A review on exhibition "CAMP: A Photogenetic Line" at Kolkata experimenter, Hindustan Road, Kolkata, India (On view 13 April - 15 July, 2019)

By: Kehkasha Sabah

[ Writing developed in a critical writing workshop organized by Kolkata Experimenter and Sharjah Foundation. ] 



A new document of nationalism



A hundred years ago Rabindranath Tagore[1] was very clear on building a natural human society, which is more humane in essence than the so-called artificially created nationhood[2] in his book Nationalism, 1917. Where he further proposed ‘Nationalism is a cruel epidemic of evil that is sweeping over the human world of the present age, eating into its moral vitality’. These lines were echoing in my mind while visiting an exhibition entitled ‘Camp - A Photogenetic line’ - hosted by one of the Experimenter’s galleries situated in Hindustan Road, Kolkata, India.

After entering the exhibition, a 100-foot long branching sequence of cardboard cutouts with photos (blown-up images from actual size), staged on a contentious wooden plinth holding on the irregular wall across the full venue will amaze anyone. The photographs, in both color and monochrome, have been reproduced for the exhibition. They were collected from the photojournalist archive of the Hindu, a leading national newspaper, by the film and media collective - CAMP. To a close inspection, the images installed here dated from 1937 to 2018. And stepping far back from the installation the whole art piece stand together in layers like a 3D montage - dashing front and back, cuts in the edge or punched in inside, juxtaposed in content or referral side by side with figures, peoples, places, objects, landscapes, and architecture colliding verses of multiple (political/apolitical) histories of India. This tableau-like setting is anything but the outcome of an archive simply revisited.

According to the Urban Dictionary, the word Photogenetic refers to ‘the genealogy that leads to on being Photogenic’. That suggests there is an actual subject lineage behind its appeared nature of the line referred to in the title. It’s difficult in photography to overcome the superficial power or subject; the concept and statement must be quite convincing in themselves to win over a dramatic and compelling subject situation. Let’s look at the conceptual formation of the work.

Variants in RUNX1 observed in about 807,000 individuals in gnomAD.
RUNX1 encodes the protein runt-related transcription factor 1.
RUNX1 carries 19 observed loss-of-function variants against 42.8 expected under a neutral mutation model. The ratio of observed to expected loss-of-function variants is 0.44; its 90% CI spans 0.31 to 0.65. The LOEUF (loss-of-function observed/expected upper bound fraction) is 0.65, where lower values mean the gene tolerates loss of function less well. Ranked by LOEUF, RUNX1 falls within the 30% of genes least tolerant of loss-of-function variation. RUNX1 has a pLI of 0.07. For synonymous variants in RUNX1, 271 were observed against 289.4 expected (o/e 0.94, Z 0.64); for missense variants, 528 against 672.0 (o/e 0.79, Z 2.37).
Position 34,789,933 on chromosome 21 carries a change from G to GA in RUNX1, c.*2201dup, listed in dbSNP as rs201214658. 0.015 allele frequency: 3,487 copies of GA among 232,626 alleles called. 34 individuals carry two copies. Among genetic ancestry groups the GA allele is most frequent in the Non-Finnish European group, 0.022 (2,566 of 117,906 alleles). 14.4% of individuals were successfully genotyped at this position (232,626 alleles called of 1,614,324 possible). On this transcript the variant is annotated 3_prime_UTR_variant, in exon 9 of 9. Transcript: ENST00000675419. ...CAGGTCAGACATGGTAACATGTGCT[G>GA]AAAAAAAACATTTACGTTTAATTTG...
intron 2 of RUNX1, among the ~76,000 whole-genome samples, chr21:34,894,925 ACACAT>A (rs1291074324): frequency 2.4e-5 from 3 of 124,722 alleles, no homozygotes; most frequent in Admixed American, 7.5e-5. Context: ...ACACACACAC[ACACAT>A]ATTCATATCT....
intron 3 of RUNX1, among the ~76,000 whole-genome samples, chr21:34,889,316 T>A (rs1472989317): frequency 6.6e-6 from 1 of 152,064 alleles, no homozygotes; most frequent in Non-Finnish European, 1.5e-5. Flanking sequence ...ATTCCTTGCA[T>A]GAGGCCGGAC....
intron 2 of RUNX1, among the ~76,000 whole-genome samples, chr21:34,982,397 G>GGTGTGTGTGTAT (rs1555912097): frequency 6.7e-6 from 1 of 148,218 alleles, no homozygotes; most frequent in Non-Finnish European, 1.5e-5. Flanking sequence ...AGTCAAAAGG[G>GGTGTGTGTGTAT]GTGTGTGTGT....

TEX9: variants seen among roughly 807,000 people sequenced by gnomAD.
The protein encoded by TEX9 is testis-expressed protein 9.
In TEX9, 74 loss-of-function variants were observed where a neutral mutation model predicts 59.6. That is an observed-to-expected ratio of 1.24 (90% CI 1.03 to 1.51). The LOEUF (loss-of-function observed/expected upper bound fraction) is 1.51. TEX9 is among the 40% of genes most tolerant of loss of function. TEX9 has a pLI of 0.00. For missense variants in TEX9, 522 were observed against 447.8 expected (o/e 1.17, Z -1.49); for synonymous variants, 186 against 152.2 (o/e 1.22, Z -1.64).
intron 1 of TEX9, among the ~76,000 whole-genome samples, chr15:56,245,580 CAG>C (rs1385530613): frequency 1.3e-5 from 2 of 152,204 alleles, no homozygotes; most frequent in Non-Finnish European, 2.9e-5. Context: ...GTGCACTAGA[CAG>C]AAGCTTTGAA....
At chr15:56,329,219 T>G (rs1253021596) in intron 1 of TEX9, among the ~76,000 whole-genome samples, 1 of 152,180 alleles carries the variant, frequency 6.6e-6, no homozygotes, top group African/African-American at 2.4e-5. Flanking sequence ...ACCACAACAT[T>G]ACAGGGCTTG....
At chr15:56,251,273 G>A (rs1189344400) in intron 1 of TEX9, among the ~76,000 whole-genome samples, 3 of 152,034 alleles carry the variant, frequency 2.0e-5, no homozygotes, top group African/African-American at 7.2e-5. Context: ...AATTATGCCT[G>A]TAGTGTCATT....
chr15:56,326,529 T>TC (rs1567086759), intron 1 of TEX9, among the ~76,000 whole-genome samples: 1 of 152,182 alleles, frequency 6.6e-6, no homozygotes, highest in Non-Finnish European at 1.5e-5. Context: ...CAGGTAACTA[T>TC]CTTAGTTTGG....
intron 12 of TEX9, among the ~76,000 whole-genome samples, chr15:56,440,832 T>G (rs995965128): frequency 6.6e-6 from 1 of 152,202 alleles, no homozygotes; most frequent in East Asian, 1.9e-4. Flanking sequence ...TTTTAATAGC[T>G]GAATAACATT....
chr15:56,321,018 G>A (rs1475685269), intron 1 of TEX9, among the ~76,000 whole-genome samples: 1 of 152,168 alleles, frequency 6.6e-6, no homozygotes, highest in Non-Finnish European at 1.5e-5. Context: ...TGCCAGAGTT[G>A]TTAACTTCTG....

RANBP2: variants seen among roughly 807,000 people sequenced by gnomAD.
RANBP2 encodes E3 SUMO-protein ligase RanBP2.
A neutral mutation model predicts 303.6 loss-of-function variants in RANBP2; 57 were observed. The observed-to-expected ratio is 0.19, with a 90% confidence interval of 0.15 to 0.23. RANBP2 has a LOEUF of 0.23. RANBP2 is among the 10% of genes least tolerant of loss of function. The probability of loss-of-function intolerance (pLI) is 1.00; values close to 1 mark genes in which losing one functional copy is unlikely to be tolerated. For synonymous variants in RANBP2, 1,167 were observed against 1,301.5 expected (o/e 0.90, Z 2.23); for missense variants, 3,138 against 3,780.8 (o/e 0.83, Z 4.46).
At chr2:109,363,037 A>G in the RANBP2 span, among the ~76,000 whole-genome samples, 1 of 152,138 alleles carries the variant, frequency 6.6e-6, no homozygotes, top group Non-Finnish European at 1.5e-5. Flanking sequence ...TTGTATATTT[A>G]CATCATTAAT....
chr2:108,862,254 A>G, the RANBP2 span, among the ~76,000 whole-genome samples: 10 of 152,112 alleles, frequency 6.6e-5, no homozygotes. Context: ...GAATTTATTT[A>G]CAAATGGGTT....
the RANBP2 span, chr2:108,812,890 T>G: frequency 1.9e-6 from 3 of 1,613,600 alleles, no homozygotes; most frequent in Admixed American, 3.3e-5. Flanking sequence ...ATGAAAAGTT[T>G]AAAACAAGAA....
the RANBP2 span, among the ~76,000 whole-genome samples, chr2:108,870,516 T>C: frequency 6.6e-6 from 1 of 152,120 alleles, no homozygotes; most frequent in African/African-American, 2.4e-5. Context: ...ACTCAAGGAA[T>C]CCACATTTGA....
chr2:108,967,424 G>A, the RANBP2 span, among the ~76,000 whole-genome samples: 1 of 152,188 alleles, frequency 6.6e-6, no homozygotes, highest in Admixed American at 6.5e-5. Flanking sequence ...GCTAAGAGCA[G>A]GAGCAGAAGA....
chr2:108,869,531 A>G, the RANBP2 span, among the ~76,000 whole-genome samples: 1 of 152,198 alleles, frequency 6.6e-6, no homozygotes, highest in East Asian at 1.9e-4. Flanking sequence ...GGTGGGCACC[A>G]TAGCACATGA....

First, through this work Camp questioned an old archive with its stagnant quality which got altered in total newness, became interactive and more contextual to the contemporary time. Second, the whole process of the work, plywood cutouts of people/public figures as propaganda materials, is very referential to the people of India from their everyday visual culture. Because political leaders from India using similar forms during elections or events for more than eighty years. Sometimes these cutouts’ enormous sizes presented as a modern myth of demi-gods and the quantities inside a city, do block the horizon. Signifying to this - horizon blocking, Camp preferred to pick both political and apolitical images, and layered them in three special ways considering a sequence of peoples (in the photos) growing in age/reverting, things in the background come to the foreground and two Captions (of photos) refer to each other. These instructions on the exhibition handout, create several narratives of the photos- by dismantling every people, things, and places equally important and force them to appear as a de-constructed political horizon line to its viewers. 

The installed images start with – Khan Abdul Gaffar Khan aka Frontier Gandhi, who was a political and spiritual leader known for his nonviolent movement and opposed the partition of India. The images chosen here, are from his 1937’s active movements, where we see his meetings with a group of full-turbaned Sikhs or the army of Khudai Khidmatgars, and sequentially his images end with his elderly wheel chaired version with a delegation including Rajiv Gandhi[3]. Between this line of narration, in some images, you can identify the important presence of the minority leaders as well. Especially, Mehbooba Mufti, an Indian politician of the Jammu and Kashmir (Peoples Democratic Party) and Dalit Panthers of India, Periyar E. V. Ramasamy - a Father of Dravidian Movement, who was critical of any form of nationalism and promoted the principles of rationalism, self-respect, women’s rights, and eradication of caste. This sequel of a political narrative, from nationalism to critique of nationalism, intervenes with the symbolic interpretation of Things, Events, and Persons in many more layers, far-reaching and impossible to conclude in any finite line. Also, in putting together cutouts of major mass protests or gatherings, such as the protests in favor of the film ‘Fire’ or the investigation into Rajiv Gandhi’s killing, it might be noticed a clear trajectory of history being established. And this is where the title of the show comes in – ‘A Photogenetic Line’. The line could be anything, from representing a forward movement to some borders or barriers. The line is also a flexible tool to mold a form voluntarily—which is what the exhibition attempts to do as it allows one exhibit to speak to its neighbor and leaving the audience for a wide guessing.